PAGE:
The purpose of the present study was to compare two university-level choral conductors, one in early career and one in late career, through a mix of quantitative and qualitative measures of a six-function theory of conducting. A previous line of research factored conducting gestures into (1) mechanical precision, (2) expressive, (3) motivational, (4) psychosocial, (5) physical technique, and (6) unrestrained tone functions, and, in list order, identified the first two as music- oriented, the latter four as musician-oriented, odd numbered functions as control-oriented, and even numbered functions as release-oriented. A previous mixed-measures comparison of one university’s conductors demonstrated distinct priorities logical to the nature of the ensemble, especially the relatively higher priority toward precision in orchestra and greater gesture adaptations to physical technique in band and choir. Replicating this mixed-measures design, the present study used descriptive, correlation, and discriminant analysis statistics to compare consenting ensemble member (N=51) and conductor Conducting Priorities Survey ratings, ensemble member (N=6) and conductor video-recall interview content analysis, researcher video observation function analysis, and Psysound3 computer analysis of concurrent ensemble sound. Mixed measures corroborated both conductors’ musical priority toward expression over mechanical precision and musician priorities toward physical and mental engagement, with musician-related functions explaining ensemble sound more substantively. Both conductors were also found to develop a unique gesture vocabulary in relation with musicians, the early-career conductor more unconsciously, reactively, persistently controlling, and varying in function, and the late-career conductor more consciously and proactively releasing of control across a rehearsal and integrative of multiple functions. In interviews, the early-career conductor and respective singers remained relatively unconscious of gestures linked to singing technique compared to the conscious awareness of gestures linked to lifted soft palate, placement of tone, and tension by the other choir’s participants; despite initial differences, all participants grew more conscious and descriptive when prompted to examine specific functions. The present study adds to previous corroborations of the discriminant, concurrent, and predictive validity of the six-function theory, the validity and reliability of the Conducting Priorities Survey as a quick measure for research and educational use, and the comparable validity and value of measuring conducting functions from multiple perspectives. Broad implications are that a strict tradition of music-related conducting needs to be updated and expanded to include controlling and releasing musician- related functions, and that the definition of acceptable conducting practices needs to adapt to specific vocal or instrumental techniques and ensemble types.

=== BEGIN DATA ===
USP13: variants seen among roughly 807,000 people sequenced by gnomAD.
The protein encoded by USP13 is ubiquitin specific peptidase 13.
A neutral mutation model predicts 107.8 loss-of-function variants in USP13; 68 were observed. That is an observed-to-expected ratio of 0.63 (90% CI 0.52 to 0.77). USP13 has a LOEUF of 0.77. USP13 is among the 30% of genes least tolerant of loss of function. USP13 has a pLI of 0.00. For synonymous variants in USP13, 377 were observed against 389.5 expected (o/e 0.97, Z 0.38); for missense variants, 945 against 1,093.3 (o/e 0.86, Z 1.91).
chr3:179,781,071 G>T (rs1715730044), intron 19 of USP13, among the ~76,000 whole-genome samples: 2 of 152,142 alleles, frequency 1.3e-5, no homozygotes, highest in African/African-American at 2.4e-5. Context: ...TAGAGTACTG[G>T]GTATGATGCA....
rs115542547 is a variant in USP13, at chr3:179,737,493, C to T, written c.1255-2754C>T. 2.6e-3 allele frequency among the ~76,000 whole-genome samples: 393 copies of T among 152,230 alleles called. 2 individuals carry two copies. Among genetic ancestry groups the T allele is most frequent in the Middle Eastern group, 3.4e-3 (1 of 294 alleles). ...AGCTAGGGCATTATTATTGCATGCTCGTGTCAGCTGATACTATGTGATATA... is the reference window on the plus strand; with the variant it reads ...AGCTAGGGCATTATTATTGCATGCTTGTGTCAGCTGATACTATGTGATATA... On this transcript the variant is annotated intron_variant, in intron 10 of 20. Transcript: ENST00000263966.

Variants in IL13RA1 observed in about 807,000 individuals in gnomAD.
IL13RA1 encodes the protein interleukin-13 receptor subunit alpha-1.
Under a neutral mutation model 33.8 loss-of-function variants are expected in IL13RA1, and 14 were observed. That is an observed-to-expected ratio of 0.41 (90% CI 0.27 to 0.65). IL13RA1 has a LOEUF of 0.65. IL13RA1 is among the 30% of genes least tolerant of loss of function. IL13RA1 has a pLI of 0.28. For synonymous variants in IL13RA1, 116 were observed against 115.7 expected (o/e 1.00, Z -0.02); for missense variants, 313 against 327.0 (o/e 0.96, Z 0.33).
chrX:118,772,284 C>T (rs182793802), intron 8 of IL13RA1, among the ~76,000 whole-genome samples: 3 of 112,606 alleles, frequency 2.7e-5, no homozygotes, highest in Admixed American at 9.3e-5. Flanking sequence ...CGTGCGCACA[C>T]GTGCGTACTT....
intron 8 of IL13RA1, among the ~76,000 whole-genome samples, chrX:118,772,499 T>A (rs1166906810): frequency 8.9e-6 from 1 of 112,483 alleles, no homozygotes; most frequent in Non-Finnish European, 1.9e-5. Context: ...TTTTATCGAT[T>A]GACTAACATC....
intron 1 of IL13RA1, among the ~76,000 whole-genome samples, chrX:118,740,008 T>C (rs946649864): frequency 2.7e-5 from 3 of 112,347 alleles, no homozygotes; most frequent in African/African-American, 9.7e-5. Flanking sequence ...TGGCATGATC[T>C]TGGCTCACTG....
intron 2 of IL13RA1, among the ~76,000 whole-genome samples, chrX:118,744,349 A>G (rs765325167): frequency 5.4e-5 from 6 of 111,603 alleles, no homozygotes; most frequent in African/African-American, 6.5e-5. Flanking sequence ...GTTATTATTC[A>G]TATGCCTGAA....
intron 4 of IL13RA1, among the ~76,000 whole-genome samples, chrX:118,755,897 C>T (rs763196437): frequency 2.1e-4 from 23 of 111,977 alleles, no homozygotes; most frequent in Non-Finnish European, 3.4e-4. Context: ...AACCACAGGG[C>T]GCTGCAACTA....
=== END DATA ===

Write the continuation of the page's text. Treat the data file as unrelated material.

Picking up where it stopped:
|State||Published - Sep 2018|
|Event||Symposium on Research in Choral Singing - Northwestern University, Evanston, IL|
Duration: Sep 1 2018 → Sep 30 2018
|Conference||Symposium on Research in Choral Singing|
|Period||09/1/18 → 09/30/18|